The WHO reports that smokers harm our planet, oceans, atmosphere and non-smokers even more than they do themselves.
Summer is on us at last! And how we are looking forward to those balmy afternoons on café terraces or picnics in the park. A gentle, fragrant breeze adding to the long-awaited pleasure….
Unless someone lights up a cigarette and spoils it all with toxic smoke. You try to maintain your smile as you struggle to breathe, cover your nose and mouth and rummage for your Ventolin.
You might also ask what is in cigarettes today that makes them smell so awful, and so much worse than pure tobacco cigarettes. Lots, it turns out, as a little announced 2017 report by the WHO makes clear. “Tobacco and its environmental impact: an overview” explains the effects today’s tobacco products have on our lungs, our skin, our planet and its atmosphere.
Smoking kills. Kills who, though? Not just the smoker: it turns out that passive smoking, what the WHO calls “side-stream” smoke, is even more dangerous than “main-stream” smoke. In fact, fresh side-stream smoke, when inhaled, is approximately four times more toxic, and the condensates it emits two to six times more carcinogenic than main-stream smoke inhaled by the smoker. “… tobacco smoke is a complex mixture of thousands of chemical compounds in the form of gases and microscopically small droplets suspended in the air” that, even while it is being “smoked”, harms innocent by-standers, including children, more than it harms the smoker.
Were cigarettes food, they would be subject to strict labelling requirements that show how toxic they are. Nicotine is a powerful and harmful drug, yet does not require a doctor’s prescription. Does this not strike you as odd?
The volumes are hardly trivial: in 2012 alone, one billion smokers consumed about 6.25 trillion cigarettes, emitting 3,000-6,000 metric tonnes of formaldehyde and 12,000–47,000 metric tonnes of nicotine; as well as lots of carbon dioxide, methane, and nitrous oxides.
What’s more, cigarette smoke doesn’t “go up in smoke”, but continues to cause harm by leaving residues on surfaces and in dust long after the product has been smoked. This residue becomes even more toxic as it ages chemically. Its what gives the clothes of smokers their distinctive odour. It smells bad because it is.
Then there is the waste: between 340 and 680 million kilograms of it litters the world each year. Cigarette butts and discarded packets are a common enough eyesore; cleaning them up is a significant drain on municipal budgets – money that could be used for other essential community services. But it is not just the volume of waste that is a problem. That waste contains over 7,000 toxic chemicals, including known human carcinogens, which leach into and accumulate in the environment. Cellulose acetate-based cigarette filters do not biodegrade under most circumstances, and when they do disintegrate, they leach yet more of those nasty compounds into our environment. All this toxic waste ends up on our streets, in our water, water ways and oceans. Discarded butts leach nicotine, arsenic and heavy metals into the environment and can be acutely toxic to aquatic organisms.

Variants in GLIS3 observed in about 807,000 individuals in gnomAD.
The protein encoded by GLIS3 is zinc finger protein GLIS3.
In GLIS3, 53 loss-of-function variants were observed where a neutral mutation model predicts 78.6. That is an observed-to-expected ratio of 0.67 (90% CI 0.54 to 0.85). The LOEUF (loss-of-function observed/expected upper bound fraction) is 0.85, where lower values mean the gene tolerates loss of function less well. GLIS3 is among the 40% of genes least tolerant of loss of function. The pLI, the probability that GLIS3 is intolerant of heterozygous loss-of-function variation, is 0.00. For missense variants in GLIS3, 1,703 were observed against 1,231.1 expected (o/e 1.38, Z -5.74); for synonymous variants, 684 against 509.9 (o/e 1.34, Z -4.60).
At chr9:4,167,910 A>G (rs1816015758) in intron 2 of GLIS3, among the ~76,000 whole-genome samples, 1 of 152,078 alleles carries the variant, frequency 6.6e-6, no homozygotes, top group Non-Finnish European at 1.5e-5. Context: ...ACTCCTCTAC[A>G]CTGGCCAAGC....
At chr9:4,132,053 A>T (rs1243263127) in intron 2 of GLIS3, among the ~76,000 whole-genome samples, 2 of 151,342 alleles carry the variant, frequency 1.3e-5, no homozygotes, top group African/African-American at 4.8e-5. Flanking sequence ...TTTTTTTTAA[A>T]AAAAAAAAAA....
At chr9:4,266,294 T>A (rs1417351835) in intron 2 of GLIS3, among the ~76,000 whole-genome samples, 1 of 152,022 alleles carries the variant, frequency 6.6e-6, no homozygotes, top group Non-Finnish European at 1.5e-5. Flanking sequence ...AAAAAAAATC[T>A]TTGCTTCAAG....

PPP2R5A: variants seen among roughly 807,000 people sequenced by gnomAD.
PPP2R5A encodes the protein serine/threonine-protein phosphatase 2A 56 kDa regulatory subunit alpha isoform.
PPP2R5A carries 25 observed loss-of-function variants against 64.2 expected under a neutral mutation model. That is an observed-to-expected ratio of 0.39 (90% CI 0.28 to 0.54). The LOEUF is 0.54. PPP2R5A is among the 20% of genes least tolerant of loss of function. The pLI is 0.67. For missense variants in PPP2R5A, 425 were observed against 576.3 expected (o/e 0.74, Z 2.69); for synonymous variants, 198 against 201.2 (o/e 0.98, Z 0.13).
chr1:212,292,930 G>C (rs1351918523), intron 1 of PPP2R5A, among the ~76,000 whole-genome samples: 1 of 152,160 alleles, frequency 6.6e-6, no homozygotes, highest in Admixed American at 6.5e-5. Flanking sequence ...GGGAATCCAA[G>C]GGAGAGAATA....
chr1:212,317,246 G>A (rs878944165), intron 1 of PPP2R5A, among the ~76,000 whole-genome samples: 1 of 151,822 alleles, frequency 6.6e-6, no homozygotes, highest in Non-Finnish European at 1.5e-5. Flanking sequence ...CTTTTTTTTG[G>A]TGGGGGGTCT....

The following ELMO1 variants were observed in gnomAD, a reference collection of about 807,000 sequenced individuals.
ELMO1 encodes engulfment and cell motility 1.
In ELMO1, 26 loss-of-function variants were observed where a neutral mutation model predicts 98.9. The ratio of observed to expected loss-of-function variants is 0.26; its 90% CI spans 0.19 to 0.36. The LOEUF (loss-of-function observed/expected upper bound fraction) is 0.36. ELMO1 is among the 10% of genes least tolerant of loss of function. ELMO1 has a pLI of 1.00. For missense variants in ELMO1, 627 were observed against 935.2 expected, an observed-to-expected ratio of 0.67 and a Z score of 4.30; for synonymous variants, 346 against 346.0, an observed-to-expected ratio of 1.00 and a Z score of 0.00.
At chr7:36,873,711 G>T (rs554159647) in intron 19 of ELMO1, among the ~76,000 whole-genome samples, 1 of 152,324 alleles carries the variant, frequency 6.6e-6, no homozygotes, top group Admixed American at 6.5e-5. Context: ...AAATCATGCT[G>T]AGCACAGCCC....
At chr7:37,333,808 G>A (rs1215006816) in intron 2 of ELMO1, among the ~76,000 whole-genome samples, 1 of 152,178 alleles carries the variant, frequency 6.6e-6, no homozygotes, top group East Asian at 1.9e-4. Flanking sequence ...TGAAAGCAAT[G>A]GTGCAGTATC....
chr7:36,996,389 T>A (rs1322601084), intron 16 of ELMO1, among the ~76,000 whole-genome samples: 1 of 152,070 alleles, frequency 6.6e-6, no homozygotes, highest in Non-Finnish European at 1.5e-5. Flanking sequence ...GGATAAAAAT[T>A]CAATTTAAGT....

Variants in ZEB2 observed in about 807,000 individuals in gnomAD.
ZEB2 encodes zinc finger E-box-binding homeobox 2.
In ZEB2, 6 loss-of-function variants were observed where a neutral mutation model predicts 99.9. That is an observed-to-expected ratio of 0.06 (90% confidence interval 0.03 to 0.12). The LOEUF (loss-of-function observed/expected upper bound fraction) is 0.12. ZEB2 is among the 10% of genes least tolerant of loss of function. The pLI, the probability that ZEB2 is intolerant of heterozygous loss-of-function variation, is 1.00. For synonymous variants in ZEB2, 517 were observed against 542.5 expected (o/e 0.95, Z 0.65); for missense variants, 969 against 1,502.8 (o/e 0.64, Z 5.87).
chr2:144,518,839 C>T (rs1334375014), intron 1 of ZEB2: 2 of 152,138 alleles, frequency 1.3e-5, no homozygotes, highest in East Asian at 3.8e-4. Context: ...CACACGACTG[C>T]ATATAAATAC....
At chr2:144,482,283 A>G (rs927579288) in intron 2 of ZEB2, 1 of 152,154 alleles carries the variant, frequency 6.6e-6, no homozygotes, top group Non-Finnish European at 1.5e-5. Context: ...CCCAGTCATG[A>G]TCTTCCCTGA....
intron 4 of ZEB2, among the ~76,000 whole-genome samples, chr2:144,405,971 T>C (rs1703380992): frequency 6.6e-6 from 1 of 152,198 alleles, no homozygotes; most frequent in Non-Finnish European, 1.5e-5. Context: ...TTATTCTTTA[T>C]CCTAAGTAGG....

The damage begins with tobacco cultivation, or even earlier, if you count the deforestation and loss of biodiversity when land is cleared for it. As usual, people in poor countries get the worst of it. Why? Because Big Tobacco drives up its profits by growing tobacco where land and labour are cheap and health and environmental regulations laxer. While tending crops and harvesting, plantation workers, many of whom are children, are exposed to Green Tobacco Sickness, which results from wet tobacco being absorbed by their skin and is manifest as nausea, vomiting, dizziness and headaches. And because tobacco tends to be grown without crop rotation, it demands more pesticides and other nasty chemicals, many of which, such as DDT, are so harmful that they are banned in wealthier countries. Tobacco also tends to deplete soil more rapidly than other crops, which means that the 4.3 billion hectares given over to tobacco cultivation needs to be constantly replenished with newly cleared land to maintain crop sizes. Logging to provide wood for curing adds more damage.
Then there is the harm to people and the environment from manufacture and transport of cigarettes. The WHO sets out at least eight sources of resource depletion and other environmental harm, including chemicals used in preparation and treatment of tobacco leaf, metals and energy used to make and ship curette-making machines, energy in making and shipping tobacco products, extraction and processing of cellulose acetate fibres, effluent and emissions from cigarette making, thousands of chemical additives, flavourings and pH modifiers such as ammonia, as well as transport of the finished products to get them into lungs. Increasing use of plastics in packaging only adds to this distressing list.
Universal, mainly taxpayer-funded, health care means that we pay, through our taxes, for expensive, often avoidable treatments for both smokers and non-smokers. Some governments, and most tobacco companies, argue that those costs are offset by huge sums collected each year in taxes and other duties on tobacco products. The WHO report calls those offset claims into serious doubt.
Smokers often assume that smoking out-doors is inoffensive and harmless. In many places, it is seen as an inalienable personal right. More sensible would be to give precedence to the basic human right not to smoke.
After all, smokers have a choice not to smoke. Non-smokers have no such choice.
The WHO report should be widely read to inform a sensible debate about the real costs and infringement of personal rights by those who still choose to smoke cigarettes.
Featured image by Markus Winkler on Pexels.